We manged to get the car fixed before we had to get to a wedding near Boston. Our route took us through New Jersey, New York, Connecticut, and finally Massachusetts and we suffered no incident. Anastasia and I both enjoyed the wedding, a version of a traditional Hindu ceremony, in which we witnessed the joining of a very close friend of mine from the University of Michigan, Nidhi Shrivastava, with her long-time boyfriend. We stayed over night and gorged on delicious Indian food.

Our path back to Philadelphia copied the route there fairly closely, but in reverse. Somewhere in New York, Anastasia’s Google Maps app took it upon itself to decide that because the New Jersey Turnpike had a four minute delay, we would need to reroute to bypass it. Anastasia said at the time, “this route takes us closer to New York City than I’d like,” but we essentially shrugged our shoulders and continued to drive. I’m sure that my astute readers can tell where this is going. As we ventured further into New York traffic started to get thicker and slow down. A sign caught my attention: we had entered the Bronx.

Uh-oh.

I turned to Anastasia and I said, “We’re in the Bronx. Why are we in the Bronx?” She looked at the cursed Google Maps app. The damn thing had noted that small delay on the turnpike and decided, “Hey, you know what would be a gas? Let’s route these innocent Midwesterners through the Bronx and Manhattan. That won’t be terrifying at all.”

I dreaded the idea of driving through Manhattan. I fretted as I drove in bumper-to-bumper traffic, next to a guy in some late-90’s convertible who loved his expletives. But Anastasia threw me a lifeline: I only had to drive along 9A by Hudson Heights, get onto the George Washington Bridge, and cross over the Hudson River and into New Jersey. How hard could that be? I need only to go through a small northern chunk of Manhattan, not anywhere near the rage–inducing streets of the island proper.

Let me tell you something, dear reader. I have a head that has more white hair than my youth might suggest. That short drive through that sliver of Manhattan easily added more salt to my pepper. Two problems plagued me, the first of which involved the colossal number cars on the road in an unfamiliar place. I had only been to Manhattan once before, and I certainly hadn’t driven through its hellish avenues. The second problem revolved around my lack of aggressiveness, and I barely made it into the lane I needed for the lower level of the bridge.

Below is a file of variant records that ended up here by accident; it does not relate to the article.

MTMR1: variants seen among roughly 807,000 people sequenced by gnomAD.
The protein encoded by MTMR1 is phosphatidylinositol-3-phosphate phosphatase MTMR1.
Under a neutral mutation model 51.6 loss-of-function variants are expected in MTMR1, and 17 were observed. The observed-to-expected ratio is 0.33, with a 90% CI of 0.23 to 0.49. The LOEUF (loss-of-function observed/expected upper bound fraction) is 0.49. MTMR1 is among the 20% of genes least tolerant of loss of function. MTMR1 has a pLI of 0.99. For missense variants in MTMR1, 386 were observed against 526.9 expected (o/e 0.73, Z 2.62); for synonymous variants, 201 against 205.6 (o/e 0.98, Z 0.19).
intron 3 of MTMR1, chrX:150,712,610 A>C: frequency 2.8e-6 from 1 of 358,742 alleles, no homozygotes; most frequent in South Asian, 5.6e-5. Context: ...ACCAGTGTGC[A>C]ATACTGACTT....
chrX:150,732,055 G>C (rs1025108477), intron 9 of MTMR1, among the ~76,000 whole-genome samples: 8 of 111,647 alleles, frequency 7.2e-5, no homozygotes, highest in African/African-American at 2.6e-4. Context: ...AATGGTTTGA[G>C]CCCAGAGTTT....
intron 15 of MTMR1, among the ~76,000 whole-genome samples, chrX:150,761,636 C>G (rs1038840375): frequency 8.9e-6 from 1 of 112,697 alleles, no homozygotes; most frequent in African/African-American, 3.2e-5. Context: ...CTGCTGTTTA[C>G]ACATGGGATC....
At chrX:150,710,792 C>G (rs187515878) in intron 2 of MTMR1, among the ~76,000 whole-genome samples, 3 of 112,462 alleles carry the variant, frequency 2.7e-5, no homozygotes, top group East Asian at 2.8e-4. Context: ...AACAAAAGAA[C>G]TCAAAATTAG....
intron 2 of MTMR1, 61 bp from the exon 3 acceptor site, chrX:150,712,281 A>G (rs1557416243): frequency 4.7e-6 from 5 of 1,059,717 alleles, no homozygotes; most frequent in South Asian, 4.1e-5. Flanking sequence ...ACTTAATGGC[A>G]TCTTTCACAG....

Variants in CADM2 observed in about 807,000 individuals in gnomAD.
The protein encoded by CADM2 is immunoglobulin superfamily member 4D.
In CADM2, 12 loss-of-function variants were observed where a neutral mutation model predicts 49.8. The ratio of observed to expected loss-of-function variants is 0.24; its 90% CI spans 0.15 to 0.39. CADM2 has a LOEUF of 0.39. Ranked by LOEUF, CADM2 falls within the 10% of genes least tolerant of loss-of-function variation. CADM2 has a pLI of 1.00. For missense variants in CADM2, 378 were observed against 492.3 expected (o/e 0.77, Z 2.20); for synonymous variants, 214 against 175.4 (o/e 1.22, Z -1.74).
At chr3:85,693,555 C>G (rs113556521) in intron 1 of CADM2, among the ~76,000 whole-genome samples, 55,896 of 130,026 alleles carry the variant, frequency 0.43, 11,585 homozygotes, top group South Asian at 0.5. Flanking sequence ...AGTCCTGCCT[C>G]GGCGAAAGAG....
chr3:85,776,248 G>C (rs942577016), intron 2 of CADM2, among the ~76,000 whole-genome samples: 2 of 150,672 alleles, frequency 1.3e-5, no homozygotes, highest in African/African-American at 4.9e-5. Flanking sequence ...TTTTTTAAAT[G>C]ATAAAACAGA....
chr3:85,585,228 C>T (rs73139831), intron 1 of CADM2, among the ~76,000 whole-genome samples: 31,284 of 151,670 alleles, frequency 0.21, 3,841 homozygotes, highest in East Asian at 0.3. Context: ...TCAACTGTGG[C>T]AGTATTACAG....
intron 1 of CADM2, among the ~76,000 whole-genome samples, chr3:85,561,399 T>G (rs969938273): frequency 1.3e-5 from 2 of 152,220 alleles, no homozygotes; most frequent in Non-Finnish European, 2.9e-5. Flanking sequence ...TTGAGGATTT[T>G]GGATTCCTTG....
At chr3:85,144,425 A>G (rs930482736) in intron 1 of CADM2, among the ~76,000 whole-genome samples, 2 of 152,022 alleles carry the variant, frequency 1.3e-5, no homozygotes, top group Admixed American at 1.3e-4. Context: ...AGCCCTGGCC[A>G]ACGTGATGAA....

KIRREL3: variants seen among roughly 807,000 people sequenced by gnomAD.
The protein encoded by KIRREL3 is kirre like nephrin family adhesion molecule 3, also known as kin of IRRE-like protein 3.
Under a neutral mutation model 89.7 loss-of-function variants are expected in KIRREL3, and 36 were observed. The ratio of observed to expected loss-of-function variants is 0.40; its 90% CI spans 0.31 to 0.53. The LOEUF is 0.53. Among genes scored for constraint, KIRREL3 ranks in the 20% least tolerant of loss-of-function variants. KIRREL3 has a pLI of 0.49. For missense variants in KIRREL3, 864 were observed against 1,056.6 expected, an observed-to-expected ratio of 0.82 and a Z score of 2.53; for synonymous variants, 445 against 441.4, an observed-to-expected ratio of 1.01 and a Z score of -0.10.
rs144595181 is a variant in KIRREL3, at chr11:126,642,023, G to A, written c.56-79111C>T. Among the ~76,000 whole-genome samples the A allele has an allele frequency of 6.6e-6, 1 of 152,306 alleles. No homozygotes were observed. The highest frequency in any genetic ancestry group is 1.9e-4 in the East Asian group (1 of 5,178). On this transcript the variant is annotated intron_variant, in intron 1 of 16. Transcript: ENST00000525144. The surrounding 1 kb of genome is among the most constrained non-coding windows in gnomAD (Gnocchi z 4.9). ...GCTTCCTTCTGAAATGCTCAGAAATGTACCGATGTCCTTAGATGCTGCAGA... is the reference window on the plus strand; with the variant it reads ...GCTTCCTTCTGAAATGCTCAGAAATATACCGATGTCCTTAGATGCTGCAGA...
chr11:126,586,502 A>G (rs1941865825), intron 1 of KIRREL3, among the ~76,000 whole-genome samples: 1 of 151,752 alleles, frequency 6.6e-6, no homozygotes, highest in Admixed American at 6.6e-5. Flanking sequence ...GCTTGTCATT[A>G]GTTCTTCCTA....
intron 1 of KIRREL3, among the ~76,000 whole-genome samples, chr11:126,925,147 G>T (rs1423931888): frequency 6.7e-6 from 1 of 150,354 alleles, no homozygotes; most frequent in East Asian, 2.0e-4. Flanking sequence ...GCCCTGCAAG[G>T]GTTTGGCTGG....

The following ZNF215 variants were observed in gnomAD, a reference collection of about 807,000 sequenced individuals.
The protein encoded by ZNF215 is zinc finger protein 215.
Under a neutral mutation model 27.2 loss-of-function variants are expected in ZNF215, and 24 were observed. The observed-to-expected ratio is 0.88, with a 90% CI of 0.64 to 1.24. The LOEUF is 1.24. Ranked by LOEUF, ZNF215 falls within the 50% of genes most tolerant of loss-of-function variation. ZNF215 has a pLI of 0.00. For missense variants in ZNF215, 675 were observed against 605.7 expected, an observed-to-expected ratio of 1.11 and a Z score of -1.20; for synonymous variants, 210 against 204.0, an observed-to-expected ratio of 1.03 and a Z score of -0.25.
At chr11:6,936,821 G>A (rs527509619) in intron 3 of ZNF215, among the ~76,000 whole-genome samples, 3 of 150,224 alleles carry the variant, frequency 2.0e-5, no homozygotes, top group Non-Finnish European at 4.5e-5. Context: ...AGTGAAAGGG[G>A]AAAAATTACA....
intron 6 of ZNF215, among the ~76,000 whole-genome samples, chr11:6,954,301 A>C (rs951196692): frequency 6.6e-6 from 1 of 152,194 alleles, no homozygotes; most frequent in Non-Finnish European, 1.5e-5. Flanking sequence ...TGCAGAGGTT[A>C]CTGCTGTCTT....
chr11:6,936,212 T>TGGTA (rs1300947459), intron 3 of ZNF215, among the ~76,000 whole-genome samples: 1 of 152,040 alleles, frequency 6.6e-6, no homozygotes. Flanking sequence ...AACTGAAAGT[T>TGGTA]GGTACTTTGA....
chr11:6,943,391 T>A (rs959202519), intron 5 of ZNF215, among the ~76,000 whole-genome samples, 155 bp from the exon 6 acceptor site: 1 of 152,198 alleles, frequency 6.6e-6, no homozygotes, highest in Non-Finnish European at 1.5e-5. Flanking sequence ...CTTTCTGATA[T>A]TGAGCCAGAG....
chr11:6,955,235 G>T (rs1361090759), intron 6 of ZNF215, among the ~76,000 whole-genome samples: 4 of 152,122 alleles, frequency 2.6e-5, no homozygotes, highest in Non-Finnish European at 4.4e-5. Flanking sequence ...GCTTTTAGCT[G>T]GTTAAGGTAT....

I found my spine as I wound the loop to get on the bridge and imposed myself between two cars with what might be construed as a lack of politeness, but definitely comfortably below the threshold for malice aforethought. We crossed Martha with the skyline of Manhattan to our left and New Jersey in front of us, my impolitic maneuvering soon forgotten. Dear reader, I made a promise to myself and to my 2002 Pontiac Bonneville: never again.

I drove easier on the New Jerkey (oops, that totally wasn’t intentional, I swear) Turnpike, and along the way we spotted a Lamborghini. I’d like to say that I was an adult, possessed of a mature outlook on life. But that would be a lie. I pretended to race the Lamborghini, and cheered myself when I pulled into the lead. So now I can say that I raced a Lamborghini with a fifteen year-old Pontiac and won. It’s my personal fish story. “The Lamborghini was thiiiiiiis fast,” I’ll say, waving my hand from left to right as fast as possible. I come from a long line of people who love their fish stories.

Shortly after our hair-raising drive back home from Boston, Anastasia and I took a trip to Long Beach Island, which I wrote about here. The next great adventure, my first trip to Paris, will be documented in a future installment.

For now, I want to thank you for reading my blog. I welcome any feedback in the comments, or by email at arushedjoke@gmail.com.

Long Beach Island, New Jersey

June 29, 2017 1 comment

So today, Ana and I are enjoying the sea breeze in New Jersey on Long Beach Island. It’s very casual. Nice. A pretty good break from the city. And I guess that’s what this is about.

Living in the city is stressful. Philadelphia isn’t really that big, but it feels big. Lots of people. Sometimes you could drown in the crowd. Very noisy, polluted, congested. I love living there; there’s more to do and to see than there is back home.

Just now, a young man asked us for beach badges–$5 a day per person. Ana had to run back to the car because I only have $8 on me. That’s the thing about being from a state like Michigan–it’s so hands-off compared to New Jersey. It’s a weird kind of culture shock. I got gas here and learned well after I started to pump that it’s illegal to pump your own gas in New Jersey.

Cue ranting about being able to take care of my own business. And I thought everything was legal in New Jersey.

The thing I hate about beaches is that sand gets everywhere. Don’t really need to expand on that. It’s just everywhere.

Ana and I are staying at an Airbnb in a town a few miles away called Stafford, run by a lovely couple out of their guest house.

I’m not getting in the water today; I hurt my hip somehow and I don’t think I would fare very well in the waves. But just sitting here on the beach is nice. Calming. The air is cool, the sun is forgiving, and the smell is evocative. Salt on the air is still such a novel experience for me and I revel in it.